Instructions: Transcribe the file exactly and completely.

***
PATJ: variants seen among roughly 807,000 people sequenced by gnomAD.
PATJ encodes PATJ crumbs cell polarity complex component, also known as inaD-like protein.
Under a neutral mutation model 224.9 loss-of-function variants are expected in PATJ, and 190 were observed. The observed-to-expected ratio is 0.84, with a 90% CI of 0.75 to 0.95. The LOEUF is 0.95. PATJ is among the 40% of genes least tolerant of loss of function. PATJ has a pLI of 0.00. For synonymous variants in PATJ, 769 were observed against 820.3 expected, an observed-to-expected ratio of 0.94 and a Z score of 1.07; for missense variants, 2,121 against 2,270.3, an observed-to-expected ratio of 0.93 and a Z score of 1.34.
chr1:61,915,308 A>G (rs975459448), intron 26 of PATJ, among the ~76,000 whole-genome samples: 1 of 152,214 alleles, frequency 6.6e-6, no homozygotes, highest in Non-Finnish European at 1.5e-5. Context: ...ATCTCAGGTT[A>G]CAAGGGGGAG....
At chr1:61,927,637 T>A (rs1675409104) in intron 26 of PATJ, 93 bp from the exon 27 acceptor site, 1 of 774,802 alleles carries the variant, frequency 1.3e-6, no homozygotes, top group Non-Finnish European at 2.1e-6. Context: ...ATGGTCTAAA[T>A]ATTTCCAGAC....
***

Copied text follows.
PATJ: variants seen among roughly 807,000 people sequenced by gnomAD.
PATJ encodes PATJ crumbs cell polarity complex component, also known as inaD-like protein.
Under a neutral mutation model 224.9 loss-of-function variants are expected in PATJ, and 190 were observed. The observed-to-expected ratio is 0.84, with a 90% CI of 0.75 to 0.95. The LOEUF is 0.95. PATJ is among the 40% of genes least tolerant of loss of function. PATJ has a pLI of 0.00. For synonymous variants in PATJ, 769 were observed against 820.3 expected, an observed-to-expected ratio of 0.94 and a Z score of 1.07; for missense variants, 2,121 against 2,270.3, an observed-to-expected ratio of 0.93 and a Z score of 1.34.
chr1:61,915,308 A>G (rs975459448), intron 26 of PATJ, among the ~76,000 whole-genome samples: 1 of 152,214 alleles, frequency 6.6e-6, no homozygotes, highest in Non-Finnish European at 1.5e-5. Context: ...ATCTCAGGTT[A>G]CAAGGGGGAG....
At chr1:61,927,637 T>A (rs1675409104) in intron 26 of PATJ, 93 bp from the exon 27 acceptor site, 1 of 774,802 alleles carries the variant, frequency 1.3e-6, no homozygotes, top group Non-Finnish European at 2.1e-6. Context: ...ATGGTCTAAA[T>A]ATTTCCAGAC....